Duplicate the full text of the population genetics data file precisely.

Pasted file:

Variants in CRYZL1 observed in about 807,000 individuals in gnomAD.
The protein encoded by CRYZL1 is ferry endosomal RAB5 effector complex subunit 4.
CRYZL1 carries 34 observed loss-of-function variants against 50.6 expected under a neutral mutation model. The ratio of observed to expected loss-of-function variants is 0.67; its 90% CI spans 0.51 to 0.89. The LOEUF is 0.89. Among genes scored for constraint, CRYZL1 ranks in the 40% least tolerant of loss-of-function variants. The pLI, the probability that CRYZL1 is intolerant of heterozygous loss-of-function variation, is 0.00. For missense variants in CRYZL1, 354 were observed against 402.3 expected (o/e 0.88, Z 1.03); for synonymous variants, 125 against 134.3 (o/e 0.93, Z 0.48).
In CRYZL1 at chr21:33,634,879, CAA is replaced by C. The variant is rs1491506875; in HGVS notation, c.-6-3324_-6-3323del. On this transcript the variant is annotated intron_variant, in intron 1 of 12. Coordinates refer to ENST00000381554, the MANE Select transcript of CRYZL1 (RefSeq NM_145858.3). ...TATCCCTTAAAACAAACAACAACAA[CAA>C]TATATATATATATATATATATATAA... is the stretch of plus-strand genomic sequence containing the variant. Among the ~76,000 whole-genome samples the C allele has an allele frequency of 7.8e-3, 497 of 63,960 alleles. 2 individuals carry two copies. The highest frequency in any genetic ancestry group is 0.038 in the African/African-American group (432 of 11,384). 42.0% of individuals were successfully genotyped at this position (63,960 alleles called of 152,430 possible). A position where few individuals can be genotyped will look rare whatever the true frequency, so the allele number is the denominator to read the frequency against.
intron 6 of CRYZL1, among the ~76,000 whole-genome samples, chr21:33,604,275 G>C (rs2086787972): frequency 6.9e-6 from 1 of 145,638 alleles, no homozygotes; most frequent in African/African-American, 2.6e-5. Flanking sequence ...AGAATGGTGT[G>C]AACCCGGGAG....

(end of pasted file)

Variants in CRYZL1 observed in about 807,000 individuals in gnomAD.
The protein encoded by CRYZL1 is ferry endosomal RAB5 effector complex subunit 4.
CRYZL1 carries 34 observed loss-of-function variants against 50.6 expected under a neutral mutation model. The ratio of observed to expected loss-of-function variants is 0.67; its 90% CI spans 0.51 to 0.89. The LOEUF is 0.89. Among genes scored for constraint, CRYZL1 ranks in the 40% least tolerant of loss-of-function variants. The pLI, the probability that CRYZL1 is intolerant of heterozygous loss-of-function variation, is 0.00. For missense variants in CRYZL1, 354 were observed against 402.3 expected (o/e 0.88, Z 1.03); for synonymous variants, 125 against 134.3 (o/e 0.93, Z 0.48).
In CRYZL1 at chr21:33,634,879, CAA is replaced by C. The variant is rs1491506875; in HGVS notation, c.-6-3324_-6-3323del. On this transcript the variant is annotated intron_variant, in intron 1 of 12. Coordinates refer to ENST00000381554, the MANE Select transcript of CRYZL1 (RefSeq NM_145858.3). ...TATCCCTTAAAACAAACAACAACAA[CAA>C]TATATATATATATATATATATATAA... is the stretch of plus-strand genomic sequence containing the variant. Among the ~76,000 whole-genome samples the C allele has an allele frequency of 7.8e-3, 497 of 63,960 alleles. 2 individuals carry two copies. The highest frequency in any genetic ancestry group is 0.038 in the African/African-American group (432 of 11,384). 42.0% of individuals were successfully genotyped at this position (63,960 alleles called of 152,430 possible). A position where few individuals can be genotyped will look rare whatever the true frequency, so the allele number is the denominator to read the frequency against.
intron 6 of CRYZL1, among the ~76,000 whole-genome samples, chr21:33,604,275 G>C (rs2086787972): frequency 6.9e-6 from 1 of 145,638 alleles, no homozygotes; most frequent in African/African-American, 2.6e-5. Flanking sequence ...AGAATGGTGT[G>C]AACCCGGGAG....